2. What parent recommendations do you offer for different sleeping arrangements?
3. How common is sudden infant death syndrome (SIDS) and/or deaths from sleeping environment in your practice location?
- Symptom/Presentation: Health Maintenance and Disease Prevention
- Specialty: General Pediatrics
To Learn More
To view pediatric review articles on this topic from the past year check PubMed.
To view current news articles on this topic check Google News.
To view images related to this topic check Google Images.
Arm’s Reach Concepts Recalls Infant Bed-Side Sleepers Due to Entrapment, Suffocation and Fall Hazards. Consumer Product Safety Commission. Available from the Internet at http://www.cpsc.gov/cpscpub/prerel/prhtml11/11187.html (rev. 4/5/2011, cited 3/2/2012).
American Academy of Pediatrics Technical Report. SIDS and Other Sleep-Related Infant Deaths: Expansion of Recommendations for a Safe Infant Sleeping Environment. Pediatrics. 2011:128;e1341-e1367.
Bassinet Buying Guide. Consumer Reports. Available from the Internet at http://www.consumerreports.org/cro/babies-kids/baby-toddler/bassinets/bassinet-buying-advice/index.htm (rev. 1/2012, cited 3/2/12).
ACGME Competencies Highlighted by Case
1. When interacting with patients and their families, the health care professional communicates effectively and demonstrates caring and respectful behaviors.
2. Essential and accurate information about the patients’ is gathered.
3. Informed decisions about diagnostic and therapeutic interventions based on patient information and preferences, up-to-date scientific evidence, and clinical judgment is made.
4. Patient management plans are developed and carried out.
5. Patients and their families are counseled and educated.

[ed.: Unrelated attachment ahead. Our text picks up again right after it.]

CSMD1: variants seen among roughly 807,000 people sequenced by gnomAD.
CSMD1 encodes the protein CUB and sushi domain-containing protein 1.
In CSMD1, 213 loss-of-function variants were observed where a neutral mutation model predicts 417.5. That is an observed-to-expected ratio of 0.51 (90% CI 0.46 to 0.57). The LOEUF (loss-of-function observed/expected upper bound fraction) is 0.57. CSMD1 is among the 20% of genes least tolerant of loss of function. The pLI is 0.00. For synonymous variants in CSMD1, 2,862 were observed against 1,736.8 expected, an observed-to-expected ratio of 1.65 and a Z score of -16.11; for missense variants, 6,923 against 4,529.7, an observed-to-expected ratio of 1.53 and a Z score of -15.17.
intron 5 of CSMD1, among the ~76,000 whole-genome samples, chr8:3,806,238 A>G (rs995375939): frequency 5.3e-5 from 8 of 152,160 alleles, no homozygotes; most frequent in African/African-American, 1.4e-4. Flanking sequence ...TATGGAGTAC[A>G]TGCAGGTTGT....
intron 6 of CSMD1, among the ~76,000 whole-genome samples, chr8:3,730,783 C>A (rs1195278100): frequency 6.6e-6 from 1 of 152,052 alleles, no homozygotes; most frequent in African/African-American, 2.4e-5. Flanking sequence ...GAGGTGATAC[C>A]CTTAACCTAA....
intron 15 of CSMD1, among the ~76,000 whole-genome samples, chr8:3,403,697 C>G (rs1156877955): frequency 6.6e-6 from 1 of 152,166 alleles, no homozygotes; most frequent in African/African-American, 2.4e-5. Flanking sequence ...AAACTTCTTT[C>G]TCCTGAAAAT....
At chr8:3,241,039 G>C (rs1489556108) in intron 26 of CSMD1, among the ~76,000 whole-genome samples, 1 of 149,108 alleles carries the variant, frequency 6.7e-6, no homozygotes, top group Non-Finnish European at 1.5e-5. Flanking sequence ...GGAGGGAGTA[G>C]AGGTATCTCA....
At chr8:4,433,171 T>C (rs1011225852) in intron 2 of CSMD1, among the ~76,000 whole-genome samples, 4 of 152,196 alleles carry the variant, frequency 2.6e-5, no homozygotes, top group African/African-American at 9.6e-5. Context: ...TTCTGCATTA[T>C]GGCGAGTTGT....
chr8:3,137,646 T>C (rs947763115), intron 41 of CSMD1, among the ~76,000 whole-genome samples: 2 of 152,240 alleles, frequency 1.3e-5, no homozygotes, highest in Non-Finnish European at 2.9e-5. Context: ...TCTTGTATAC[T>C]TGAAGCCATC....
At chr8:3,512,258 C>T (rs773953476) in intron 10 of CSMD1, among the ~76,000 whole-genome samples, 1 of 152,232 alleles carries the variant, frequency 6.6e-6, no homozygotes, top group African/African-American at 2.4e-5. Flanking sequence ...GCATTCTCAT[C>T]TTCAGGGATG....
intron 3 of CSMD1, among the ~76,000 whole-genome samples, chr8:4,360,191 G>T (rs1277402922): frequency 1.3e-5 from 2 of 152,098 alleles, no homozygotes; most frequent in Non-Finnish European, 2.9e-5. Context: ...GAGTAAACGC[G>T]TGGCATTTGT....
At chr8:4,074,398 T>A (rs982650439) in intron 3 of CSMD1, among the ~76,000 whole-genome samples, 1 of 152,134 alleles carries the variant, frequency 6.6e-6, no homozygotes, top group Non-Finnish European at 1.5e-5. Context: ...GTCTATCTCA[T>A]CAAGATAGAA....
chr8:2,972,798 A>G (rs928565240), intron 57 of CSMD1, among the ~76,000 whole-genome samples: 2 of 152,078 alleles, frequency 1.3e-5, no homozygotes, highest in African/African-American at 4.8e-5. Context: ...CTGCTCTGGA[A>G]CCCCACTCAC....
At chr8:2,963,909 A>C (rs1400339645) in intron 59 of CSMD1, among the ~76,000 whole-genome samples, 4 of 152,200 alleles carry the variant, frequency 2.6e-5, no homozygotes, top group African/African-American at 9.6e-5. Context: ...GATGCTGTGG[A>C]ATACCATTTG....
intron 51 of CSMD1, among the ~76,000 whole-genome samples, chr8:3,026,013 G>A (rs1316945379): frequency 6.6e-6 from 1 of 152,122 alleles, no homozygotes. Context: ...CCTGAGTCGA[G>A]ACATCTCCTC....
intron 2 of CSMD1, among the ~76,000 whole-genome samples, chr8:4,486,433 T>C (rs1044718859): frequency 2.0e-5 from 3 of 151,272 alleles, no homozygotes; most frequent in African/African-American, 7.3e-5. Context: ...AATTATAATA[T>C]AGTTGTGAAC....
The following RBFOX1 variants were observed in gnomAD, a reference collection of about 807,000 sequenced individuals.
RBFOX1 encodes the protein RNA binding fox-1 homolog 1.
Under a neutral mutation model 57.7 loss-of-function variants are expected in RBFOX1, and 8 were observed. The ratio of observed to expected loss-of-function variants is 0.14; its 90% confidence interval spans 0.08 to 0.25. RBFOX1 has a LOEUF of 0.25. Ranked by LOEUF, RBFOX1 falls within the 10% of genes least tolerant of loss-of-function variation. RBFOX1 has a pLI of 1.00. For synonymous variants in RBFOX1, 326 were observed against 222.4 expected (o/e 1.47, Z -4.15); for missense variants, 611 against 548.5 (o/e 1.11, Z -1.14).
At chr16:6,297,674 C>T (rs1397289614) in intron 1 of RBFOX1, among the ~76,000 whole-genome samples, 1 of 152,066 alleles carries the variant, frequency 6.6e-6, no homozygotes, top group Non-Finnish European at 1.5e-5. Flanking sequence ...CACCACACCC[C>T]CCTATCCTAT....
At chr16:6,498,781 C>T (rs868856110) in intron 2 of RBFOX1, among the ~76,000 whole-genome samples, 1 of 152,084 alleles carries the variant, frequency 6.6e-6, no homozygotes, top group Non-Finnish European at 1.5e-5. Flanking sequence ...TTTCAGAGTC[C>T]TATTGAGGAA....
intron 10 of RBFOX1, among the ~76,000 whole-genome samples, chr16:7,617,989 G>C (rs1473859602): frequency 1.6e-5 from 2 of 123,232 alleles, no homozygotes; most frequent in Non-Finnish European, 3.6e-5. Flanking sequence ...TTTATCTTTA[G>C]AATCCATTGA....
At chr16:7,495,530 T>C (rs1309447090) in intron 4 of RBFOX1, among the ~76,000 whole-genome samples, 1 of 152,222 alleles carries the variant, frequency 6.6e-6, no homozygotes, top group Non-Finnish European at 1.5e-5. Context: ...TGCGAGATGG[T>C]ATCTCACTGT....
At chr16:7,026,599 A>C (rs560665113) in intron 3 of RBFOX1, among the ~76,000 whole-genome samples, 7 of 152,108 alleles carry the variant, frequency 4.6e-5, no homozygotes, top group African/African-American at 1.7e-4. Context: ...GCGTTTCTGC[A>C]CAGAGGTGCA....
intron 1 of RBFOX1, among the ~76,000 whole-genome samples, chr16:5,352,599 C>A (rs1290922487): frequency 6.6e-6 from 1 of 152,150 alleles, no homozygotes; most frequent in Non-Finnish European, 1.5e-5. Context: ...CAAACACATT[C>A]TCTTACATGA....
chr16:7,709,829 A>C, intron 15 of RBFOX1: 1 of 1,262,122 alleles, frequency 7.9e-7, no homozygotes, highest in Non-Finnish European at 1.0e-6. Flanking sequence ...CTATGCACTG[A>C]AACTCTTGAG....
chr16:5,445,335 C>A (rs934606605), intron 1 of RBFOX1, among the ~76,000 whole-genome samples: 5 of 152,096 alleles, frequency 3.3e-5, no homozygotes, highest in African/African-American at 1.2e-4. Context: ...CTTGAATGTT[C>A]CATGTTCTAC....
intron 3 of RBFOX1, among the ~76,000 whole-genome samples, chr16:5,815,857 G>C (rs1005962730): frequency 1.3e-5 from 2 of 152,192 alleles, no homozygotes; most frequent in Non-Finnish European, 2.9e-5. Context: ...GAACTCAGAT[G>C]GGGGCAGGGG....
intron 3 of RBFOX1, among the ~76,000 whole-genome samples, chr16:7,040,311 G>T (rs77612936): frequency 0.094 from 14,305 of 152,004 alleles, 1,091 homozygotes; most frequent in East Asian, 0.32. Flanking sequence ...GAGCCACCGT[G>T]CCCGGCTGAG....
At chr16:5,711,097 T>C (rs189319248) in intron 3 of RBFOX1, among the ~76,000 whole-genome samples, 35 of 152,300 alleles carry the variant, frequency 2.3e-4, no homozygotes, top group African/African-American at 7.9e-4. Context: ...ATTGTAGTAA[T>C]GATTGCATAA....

6. Information technology to support patient care decisions and patient education is used.
8. Health care services aimed at preventing health problems or maintaining health are provided.
10. An investigatory and analytic thinking approach to the clinical situation is demonstrated.
11. Basic and clinically supportive sciences appropriate to their discipline are known and applied.
12. Evidence from scientific studies related to the patients’ health problems is located, appraised and assimilated.
13. Information about other populations of patients, especially the larger population from which this patient is drawn, is obtained and used.
14. Knowledge of study designs and statistical methods to appraisal clinical studies and other information on diagnostic and therapeutic effectiveness is applied.
15. Information technology to manage information, access on-line medical information and support the healthcare professional’s own education is used.
16. Learning of students and other health care professionals is facilitated.
19. The health professional works effectively with others as a member or leader of a health care team or other professional group.
23. Differing types of medical practice and delivery systems including methods of controlling health care costs and allocating resources are known.
24. Cost-effective health care and resource allocation that does not compromise quality of care is practiced.
Donna M. D’Alessandro, MD
Professor of Pediatrics, University of Iowa Children’s Hospital